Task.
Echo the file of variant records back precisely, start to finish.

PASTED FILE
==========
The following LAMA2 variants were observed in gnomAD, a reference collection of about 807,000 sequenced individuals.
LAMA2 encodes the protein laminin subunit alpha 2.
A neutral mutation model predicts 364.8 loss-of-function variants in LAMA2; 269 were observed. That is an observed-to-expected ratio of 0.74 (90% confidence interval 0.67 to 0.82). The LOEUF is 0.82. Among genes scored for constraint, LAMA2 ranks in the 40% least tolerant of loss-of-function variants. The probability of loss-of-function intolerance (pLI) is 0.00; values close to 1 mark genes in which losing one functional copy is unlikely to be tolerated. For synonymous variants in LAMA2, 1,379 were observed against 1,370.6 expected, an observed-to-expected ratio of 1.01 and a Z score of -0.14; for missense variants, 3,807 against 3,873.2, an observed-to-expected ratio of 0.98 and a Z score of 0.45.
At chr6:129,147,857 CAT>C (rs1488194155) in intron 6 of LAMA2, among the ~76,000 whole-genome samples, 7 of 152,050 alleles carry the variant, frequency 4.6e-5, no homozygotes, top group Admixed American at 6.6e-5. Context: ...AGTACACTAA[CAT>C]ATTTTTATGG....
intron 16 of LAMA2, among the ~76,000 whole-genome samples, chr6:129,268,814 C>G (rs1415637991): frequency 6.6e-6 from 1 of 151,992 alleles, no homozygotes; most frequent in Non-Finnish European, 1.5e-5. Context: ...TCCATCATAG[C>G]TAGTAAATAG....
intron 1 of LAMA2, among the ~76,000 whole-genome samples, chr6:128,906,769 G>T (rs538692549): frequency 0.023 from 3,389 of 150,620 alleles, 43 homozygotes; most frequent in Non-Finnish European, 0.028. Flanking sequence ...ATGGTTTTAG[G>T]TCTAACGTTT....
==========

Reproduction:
The following LAMA2 variants were observed in gnomAD, a reference collection of about 807,000 sequenced individuals.
LAMA2 encodes the protein laminin subunit alpha 2.
A neutral mutation model predicts 364.8 loss-of-function variants in LAMA2; 269 were observed. That is an observed-to-expected ratio of 0.74 (90% confidence interval 0.67 to 0.82). The LOEUF is 0.82. Among genes scored for constraint, LAMA2 ranks in the 40% least tolerant of loss-of-function variants. The probability of loss-of-function intolerance (pLI) is 0.00; values close to 1 mark genes in which losing one functional copy is unlikely to be tolerated. For synonymous variants in LAMA2, 1,379 were observed against 1,370.6 expected, an observed-to-expected ratio of 1.01 and a Z score of -0.14; for missense variants, 3,807 against 3,873.2, an observed-to-expected ratio of 0.98 and a Z score of 0.45.
At chr6:129,147,857 CAT>C (rs1488194155) in intron 6 of LAMA2, among the ~76,000 whole-genome samples, 7 of 152,050 alleles carry the variant, frequency 4.6e-5, no homozygotes, top group Admixed American at 6.6e-5. Context: ...AGTACACTAA[CAT>C]ATTTTTATGG....
intron 16 of LAMA2, among the ~76,000 whole-genome samples, chr6:129,268,814 C>G (rs1415637991): frequency 6.6e-6 from 1 of 151,992 alleles, no homozygotes; most frequent in Non-Finnish European, 1.5e-5. Context: ...TCCATCATAG[C>G]TAGTAAATAG....
intron 1 of LAMA2, among the ~76,000 whole-genome samples, chr6:128,906,769 G>T (rs538692549): frequency 0.023 from 3,389 of 150,620 alleles, 43 homozygotes; most frequent in Non-Finnish European, 0.028. Flanking sequence ...ATGGTTTTAG[G>T]TCTAACGTTT....